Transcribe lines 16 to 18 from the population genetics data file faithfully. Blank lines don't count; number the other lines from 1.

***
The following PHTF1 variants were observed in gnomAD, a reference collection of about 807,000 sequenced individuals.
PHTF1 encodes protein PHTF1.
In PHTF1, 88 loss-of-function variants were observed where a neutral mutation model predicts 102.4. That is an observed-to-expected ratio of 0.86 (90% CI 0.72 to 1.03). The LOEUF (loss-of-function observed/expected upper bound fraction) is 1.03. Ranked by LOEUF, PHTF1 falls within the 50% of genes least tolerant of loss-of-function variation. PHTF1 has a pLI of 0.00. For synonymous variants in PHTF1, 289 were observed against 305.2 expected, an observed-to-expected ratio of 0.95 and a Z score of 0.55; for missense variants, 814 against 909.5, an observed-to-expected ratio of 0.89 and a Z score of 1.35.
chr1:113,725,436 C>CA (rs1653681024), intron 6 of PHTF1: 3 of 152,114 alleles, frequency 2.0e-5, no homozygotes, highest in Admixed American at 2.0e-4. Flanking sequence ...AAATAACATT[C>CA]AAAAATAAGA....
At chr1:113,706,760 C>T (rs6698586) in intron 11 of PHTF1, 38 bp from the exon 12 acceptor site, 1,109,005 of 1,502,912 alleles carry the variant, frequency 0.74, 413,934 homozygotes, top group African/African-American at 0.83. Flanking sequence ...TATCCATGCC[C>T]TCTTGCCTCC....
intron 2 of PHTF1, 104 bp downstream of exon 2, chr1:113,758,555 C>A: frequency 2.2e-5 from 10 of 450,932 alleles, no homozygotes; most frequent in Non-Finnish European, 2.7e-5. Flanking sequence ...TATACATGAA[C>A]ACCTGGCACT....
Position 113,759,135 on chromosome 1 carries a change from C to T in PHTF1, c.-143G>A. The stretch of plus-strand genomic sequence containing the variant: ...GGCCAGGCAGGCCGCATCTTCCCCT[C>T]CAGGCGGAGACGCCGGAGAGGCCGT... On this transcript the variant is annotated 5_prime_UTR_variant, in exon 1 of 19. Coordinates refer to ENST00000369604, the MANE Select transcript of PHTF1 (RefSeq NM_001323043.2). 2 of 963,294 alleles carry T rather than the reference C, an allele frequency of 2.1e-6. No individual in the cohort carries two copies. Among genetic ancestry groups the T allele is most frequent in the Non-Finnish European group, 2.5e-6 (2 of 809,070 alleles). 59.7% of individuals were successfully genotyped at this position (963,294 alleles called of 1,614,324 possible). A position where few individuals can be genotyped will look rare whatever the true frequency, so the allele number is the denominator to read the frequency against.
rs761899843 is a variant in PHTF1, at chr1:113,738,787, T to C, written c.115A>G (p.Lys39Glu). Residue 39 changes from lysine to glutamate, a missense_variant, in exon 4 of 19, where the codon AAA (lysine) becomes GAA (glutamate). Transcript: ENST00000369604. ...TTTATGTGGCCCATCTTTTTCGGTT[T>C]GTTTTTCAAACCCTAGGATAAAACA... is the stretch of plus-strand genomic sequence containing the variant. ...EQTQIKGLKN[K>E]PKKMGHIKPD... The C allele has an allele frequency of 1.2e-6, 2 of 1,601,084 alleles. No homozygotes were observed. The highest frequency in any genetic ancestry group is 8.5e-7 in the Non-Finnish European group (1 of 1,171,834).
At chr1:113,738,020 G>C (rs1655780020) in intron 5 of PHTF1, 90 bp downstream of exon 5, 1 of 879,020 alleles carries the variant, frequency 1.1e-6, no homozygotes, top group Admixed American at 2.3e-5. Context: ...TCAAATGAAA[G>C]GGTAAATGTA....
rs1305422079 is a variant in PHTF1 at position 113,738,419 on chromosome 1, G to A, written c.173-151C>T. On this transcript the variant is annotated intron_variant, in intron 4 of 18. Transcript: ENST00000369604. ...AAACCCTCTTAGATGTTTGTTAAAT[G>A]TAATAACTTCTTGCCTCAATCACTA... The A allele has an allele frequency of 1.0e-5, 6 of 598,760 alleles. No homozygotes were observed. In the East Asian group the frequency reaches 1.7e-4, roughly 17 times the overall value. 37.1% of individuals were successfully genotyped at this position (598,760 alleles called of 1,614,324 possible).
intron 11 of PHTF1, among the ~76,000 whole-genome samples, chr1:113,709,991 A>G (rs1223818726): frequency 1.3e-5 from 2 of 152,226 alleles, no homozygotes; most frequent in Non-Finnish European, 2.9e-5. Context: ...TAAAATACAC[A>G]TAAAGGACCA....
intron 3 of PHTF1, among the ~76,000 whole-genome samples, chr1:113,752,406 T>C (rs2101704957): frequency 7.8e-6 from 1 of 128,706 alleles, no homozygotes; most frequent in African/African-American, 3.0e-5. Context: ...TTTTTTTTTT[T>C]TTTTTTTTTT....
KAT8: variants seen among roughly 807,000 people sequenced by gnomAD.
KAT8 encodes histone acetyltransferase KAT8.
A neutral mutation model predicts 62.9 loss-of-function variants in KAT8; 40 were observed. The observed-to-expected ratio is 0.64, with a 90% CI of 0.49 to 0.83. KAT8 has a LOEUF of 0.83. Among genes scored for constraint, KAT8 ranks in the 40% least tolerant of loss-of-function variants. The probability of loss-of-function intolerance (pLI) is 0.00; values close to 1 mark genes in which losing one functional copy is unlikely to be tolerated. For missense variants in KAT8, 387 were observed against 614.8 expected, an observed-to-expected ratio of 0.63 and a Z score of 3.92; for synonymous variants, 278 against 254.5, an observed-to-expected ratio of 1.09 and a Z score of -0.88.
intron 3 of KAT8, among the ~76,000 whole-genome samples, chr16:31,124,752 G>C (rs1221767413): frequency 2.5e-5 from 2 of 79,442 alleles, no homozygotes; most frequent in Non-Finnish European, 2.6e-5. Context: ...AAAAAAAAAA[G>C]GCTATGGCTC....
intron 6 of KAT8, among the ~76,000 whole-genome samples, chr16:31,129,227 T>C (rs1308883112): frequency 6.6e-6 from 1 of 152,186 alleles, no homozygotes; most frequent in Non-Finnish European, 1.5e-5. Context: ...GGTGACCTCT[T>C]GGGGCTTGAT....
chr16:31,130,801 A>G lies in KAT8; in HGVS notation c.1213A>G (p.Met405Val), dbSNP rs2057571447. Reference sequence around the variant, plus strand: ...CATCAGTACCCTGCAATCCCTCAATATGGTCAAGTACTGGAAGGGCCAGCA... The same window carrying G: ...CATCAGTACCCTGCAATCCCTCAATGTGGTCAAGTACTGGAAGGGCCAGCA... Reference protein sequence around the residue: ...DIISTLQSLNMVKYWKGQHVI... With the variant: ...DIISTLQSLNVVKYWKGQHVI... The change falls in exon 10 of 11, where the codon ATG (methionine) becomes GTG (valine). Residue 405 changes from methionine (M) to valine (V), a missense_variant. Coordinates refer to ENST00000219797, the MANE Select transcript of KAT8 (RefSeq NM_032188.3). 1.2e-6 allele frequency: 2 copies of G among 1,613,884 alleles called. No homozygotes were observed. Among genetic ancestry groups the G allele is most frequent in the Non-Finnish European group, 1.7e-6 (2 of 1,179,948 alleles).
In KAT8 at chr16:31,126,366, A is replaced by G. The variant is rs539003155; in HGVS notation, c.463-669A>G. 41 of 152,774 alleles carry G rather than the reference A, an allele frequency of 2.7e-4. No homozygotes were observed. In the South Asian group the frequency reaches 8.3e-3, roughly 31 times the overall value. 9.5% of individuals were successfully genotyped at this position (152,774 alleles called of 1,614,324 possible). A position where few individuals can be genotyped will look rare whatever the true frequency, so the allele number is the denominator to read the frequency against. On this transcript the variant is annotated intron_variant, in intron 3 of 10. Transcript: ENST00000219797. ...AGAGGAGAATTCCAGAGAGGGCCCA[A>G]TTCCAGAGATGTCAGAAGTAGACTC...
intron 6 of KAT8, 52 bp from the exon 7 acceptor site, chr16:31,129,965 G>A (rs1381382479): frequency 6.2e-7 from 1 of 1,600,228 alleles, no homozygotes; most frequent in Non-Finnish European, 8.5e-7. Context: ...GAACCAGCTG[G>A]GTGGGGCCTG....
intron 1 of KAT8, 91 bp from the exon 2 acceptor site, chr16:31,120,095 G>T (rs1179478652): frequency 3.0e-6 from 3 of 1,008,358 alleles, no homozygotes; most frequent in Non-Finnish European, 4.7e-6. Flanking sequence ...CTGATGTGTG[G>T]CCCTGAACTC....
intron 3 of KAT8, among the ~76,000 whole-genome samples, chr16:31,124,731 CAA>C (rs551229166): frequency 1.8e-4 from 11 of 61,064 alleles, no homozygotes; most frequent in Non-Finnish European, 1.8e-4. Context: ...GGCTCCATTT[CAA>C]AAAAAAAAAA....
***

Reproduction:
intron 3 of KAT8, among the ~76,000 whole-genome samples, chr16:31,124,752 G>C (rs1221767413): frequency 2.5e-5 from 2 of 79,442 alleles, no homozygotes; most frequent in Non-Finnish European, 2.6e-5. Context: ...AAAAAAAAAA[G>C]GCTATGGCTC....
intron 6 of KAT8, among the ~76,000 whole-genome samples, chr16:31,129,227 T>C (rs1308883112): frequency 6.6e-6 from 1 of 152,186 alleles, no homozygotes; most frequent in Non-Finnish European, 1.5e-5. Context: ...GGTGACCTCT[T>C]GGGGCTTGAT....
chr16:31,130,801 A>G lies in KAT8; in HGVS notation c.1213A>G (p.Met405Val), dbSNP rs2057571447. Reference sequence around the variant, plus strand: ...CATCAGTACCCTGCAATCCCTCAATATGGTCAAGTACTGGAAGGGCCAGCA... The same window carrying G: ...CATCAGTACCCTGCAATCCCTCAATGTGGTCAAGTACTGGAAGGGCCAGCA... Reference protein sequence around the residue: ...DIISTLQSLNMVKYWKGQHVI... With the variant: ...DIISTLQSLNVVKYWKGQHVI... The change falls in exon 10 of 11, where the codon ATG (methionine) becomes GTG (valine). Residue 405 changes from methionine (M) to valine (V), a missense_variant. Coordinates refer to ENST00000219797, the MANE Select transcript of KAT8 (RefSeq NM_032188.3). 1.2e-6 allele frequency: 2 copies of G among 1,613,884 alleles called. No homozygotes were observed. Among genetic ancestry groups the G allele is most frequent in the Non-Finnish European group, 1.7e-6 (2 of 1,179,948 alleles).